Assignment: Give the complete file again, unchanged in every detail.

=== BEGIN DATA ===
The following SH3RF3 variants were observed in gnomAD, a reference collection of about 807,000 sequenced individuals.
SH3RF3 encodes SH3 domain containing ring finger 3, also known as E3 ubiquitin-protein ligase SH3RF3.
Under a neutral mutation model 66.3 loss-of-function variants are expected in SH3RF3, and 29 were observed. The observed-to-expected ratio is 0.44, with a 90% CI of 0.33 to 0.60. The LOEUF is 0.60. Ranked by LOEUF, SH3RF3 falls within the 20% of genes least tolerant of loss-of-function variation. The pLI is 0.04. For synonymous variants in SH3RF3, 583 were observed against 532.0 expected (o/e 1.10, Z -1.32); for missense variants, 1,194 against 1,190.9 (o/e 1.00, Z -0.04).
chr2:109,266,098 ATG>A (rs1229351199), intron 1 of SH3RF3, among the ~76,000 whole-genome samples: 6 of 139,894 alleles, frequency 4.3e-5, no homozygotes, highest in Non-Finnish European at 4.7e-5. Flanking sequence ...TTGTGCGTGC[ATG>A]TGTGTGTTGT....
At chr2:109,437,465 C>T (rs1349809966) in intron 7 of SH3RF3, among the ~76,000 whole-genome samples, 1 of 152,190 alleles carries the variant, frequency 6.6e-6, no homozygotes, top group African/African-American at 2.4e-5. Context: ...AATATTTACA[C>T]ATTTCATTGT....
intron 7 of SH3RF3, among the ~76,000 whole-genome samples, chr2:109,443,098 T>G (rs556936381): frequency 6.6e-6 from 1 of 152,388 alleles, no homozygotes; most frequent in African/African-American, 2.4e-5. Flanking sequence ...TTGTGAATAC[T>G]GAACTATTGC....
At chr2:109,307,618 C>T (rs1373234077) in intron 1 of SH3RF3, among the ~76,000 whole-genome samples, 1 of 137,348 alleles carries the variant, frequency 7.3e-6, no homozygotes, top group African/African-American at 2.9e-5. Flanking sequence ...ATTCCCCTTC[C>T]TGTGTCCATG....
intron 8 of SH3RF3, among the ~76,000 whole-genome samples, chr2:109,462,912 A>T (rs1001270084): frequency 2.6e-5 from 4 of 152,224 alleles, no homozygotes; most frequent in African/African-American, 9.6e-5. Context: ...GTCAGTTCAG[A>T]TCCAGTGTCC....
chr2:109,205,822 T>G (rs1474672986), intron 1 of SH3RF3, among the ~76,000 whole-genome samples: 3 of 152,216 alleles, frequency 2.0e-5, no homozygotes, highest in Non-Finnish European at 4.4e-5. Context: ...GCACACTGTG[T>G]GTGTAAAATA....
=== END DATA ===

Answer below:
The following SH3RF3 variants were observed in gnomAD, a reference collection of about 807,000 sequenced individuals.
SH3RF3 encodes SH3 domain containing ring finger 3, also known as E3 ubiquitin-protein ligase SH3RF3.
Under a neutral mutation model 66.3 loss-of-function variants are expected in SH3RF3, and 29 were observed. The observed-to-expected ratio is 0.44, with a 90% CI of 0.33 to 0.60. The LOEUF is 0.60. Ranked by LOEUF, SH3RF3 falls within the 20% of genes least tolerant of loss-of-function variation. The pLI is 0.04. For synonymous variants in SH3RF3, 583 were observed against 532.0 expected (o/e 1.10, Z -1.32); for missense variants, 1,194 against 1,190.9 (o/e 1.00, Z -0.04).
chr2:109,266,098 ATG>A (rs1229351199), intron 1 of SH3RF3, among the ~76,000 whole-genome samples: 6 of 139,894 alleles, frequency 4.3e-5, no homozygotes, highest in Non-Finnish European at 4.7e-5. Flanking sequence ...TTGTGCGTGC[ATG>A]TGTGTGTTGT....
At chr2:109,437,465 C>T (rs1349809966) in intron 7 of SH3RF3, among the ~76,000 whole-genome samples, 1 of 152,190 alleles carries the variant, frequency 6.6e-6, no homozygotes, top group African/African-American at 2.4e-5. Context: ...AATATTTACA[C>T]ATTTCATTGT....
intron 7 of SH3RF3, among the ~76,000 whole-genome samples, chr2:109,443,098 T>G (rs556936381): frequency 6.6e-6 from 1 of 152,388 alleles, no homozygotes; most frequent in African/African-American, 2.4e-5. Flanking sequence ...TTGTGAATAC[T>G]GAACTATTGC....
At chr2:109,307,618 C>T (rs1373234077) in intron 1 of SH3RF3, among the ~76,000 whole-genome samples, 1 of 137,348 alleles carries the variant, frequency 7.3e-6, no homozygotes, top group African/African-American at 2.9e-5. Flanking sequence ...ATTCCCCTTC[C>T]TGTGTCCATG....
intron 8 of SH3RF3, among the ~76,000 whole-genome samples, chr2:109,462,912 A>T (rs1001270084): frequency 2.6e-5 from 4 of 152,224 alleles, no homozygotes; most frequent in African/African-American, 9.6e-5. Context: ...GTCAGTTCAG[A>T]TCCAGTGTCC....
chr2:109,205,822 T>G (rs1474672986), intron 1 of SH3RF3, among the ~76,000 whole-genome samples: 3 of 152,216 alleles, frequency 2.0e-5, no homozygotes, highest in Non-Finnish European at 4.4e-5. Context: ...GCACACTGTG[T>G]GTGTAAAATA....